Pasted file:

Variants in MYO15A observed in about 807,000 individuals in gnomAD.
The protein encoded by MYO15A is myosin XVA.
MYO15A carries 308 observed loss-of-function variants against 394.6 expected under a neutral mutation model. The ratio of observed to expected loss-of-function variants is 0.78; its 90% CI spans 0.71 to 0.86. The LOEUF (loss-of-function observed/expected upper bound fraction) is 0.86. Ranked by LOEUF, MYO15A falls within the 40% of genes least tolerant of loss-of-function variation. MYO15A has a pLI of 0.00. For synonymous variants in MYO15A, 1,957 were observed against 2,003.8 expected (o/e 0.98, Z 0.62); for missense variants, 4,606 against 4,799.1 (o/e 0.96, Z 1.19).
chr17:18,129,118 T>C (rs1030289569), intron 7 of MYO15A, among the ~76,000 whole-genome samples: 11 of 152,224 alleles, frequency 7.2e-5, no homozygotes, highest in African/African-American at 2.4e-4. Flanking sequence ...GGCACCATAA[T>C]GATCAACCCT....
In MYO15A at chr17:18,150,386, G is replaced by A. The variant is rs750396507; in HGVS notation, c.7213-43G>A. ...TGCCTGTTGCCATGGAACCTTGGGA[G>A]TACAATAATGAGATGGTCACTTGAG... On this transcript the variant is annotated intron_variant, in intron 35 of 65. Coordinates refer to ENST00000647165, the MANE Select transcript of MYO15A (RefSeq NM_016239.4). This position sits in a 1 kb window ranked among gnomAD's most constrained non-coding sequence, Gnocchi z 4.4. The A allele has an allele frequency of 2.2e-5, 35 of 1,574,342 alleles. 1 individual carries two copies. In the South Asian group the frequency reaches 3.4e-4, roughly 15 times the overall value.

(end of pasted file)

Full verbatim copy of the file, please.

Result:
Variants in MYO15A observed in about 807,000 individuals in gnomAD.
The protein encoded by MYO15A is myosin XVA.
MYO15A carries 308 observed loss-of-function variants against 394.6 expected under a neutral mutation model. The ratio of observed to expected loss-of-function variants is 0.78; its 90% CI spans 0.71 to 0.86. The LOEUF (loss-of-function observed/expected upper bound fraction) is 0.86. Ranked by LOEUF, MYO15A falls within the 40% of genes least tolerant of loss-of-function variation. MYO15A has a pLI of 0.00. For synonymous variants in MYO15A, 1,957 were observed against 2,003.8 expected (o/e 0.98, Z 0.62); for missense variants, 4,606 against 4,799.1 (o/e 0.96, Z 1.19).
chr17:18,129,118 T>C (rs1030289569), intron 7 of MYO15A, among the ~76,000 whole-genome samples: 11 of 152,224 alleles, frequency 7.2e-5, no homozygotes, highest in African/African-American at 2.4e-4. Flanking sequence ...GGCACCATAA[T>C]GATCAACCCT....
In MYO15A at chr17:18,150,386, G is replaced by A. The variant is rs750396507; in HGVS notation, c.7213-43G>A. ...TGCCTGTTGCCATGGAACCTTGGGA[G>A]TACAATAATGAGATGGTCACTTGAG... On this transcript the variant is annotated intron_variant, in intron 35 of 65. Coordinates refer to ENST00000647165, the MANE Select transcript of MYO15A (RefSeq NM_016239.4). This position sits in a 1 kb window ranked among gnomAD's most constrained non-coding sequence, Gnocchi z 4.4. The A allele has an allele frequency of 2.2e-5, 35 of 1,574,342 alleles. 1 individual carries two copies. In the South Asian group the frequency reaches 3.4e-4, roughly 15 times the overall value.